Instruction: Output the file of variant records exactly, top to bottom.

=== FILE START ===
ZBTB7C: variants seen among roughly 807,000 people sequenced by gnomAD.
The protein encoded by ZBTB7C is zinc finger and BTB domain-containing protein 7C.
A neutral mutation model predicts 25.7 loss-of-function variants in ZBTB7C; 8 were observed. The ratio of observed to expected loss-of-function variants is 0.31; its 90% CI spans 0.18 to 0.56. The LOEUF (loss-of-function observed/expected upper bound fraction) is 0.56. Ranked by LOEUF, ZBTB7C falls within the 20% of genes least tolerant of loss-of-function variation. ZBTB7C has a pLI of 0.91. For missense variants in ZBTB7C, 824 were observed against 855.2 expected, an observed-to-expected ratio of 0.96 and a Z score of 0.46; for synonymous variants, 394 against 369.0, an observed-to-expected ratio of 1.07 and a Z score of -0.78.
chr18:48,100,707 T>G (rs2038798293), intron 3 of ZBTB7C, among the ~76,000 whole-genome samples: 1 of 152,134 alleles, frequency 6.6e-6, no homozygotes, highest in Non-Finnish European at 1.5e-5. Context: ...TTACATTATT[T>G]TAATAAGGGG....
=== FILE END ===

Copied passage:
ZBTB7C: variants seen among roughly 807,000 people sequenced by gnomAD.
The protein encoded by ZBTB7C is zinc finger and BTB domain-containing protein 7C.
A neutral mutation model predicts 25.7 loss-of-function variants in ZBTB7C; 8 were observed. The ratio of observed to expected loss-of-function variants is 0.31; its 90% CI spans 0.18 to 0.56. The LOEUF (loss-of-function observed/expected upper bound fraction) is 0.56. Ranked by LOEUF, ZBTB7C falls within the 20% of genes least tolerant of loss-of-function variation. ZBTB7C has a pLI of 0.91. For missense variants in ZBTB7C, 824 were observed against 855.2 expected, an observed-to-expected ratio of 0.96 and a Z score of 0.46; for synonymous variants, 394 against 369.0, an observed-to-expected ratio of 1.07 and a Z score of -0.78.
chr18:48,100,707 T>G (rs2038798293), intron 3 of ZBTB7C, among the ~76,000 whole-genome samples: 1 of 152,134 alleles, frequency 6.6e-6, no homozygotes, highest in Non-Finnish European at 1.5e-5. Context: ...TTACATTATT[T>G]TAATAAGGGG....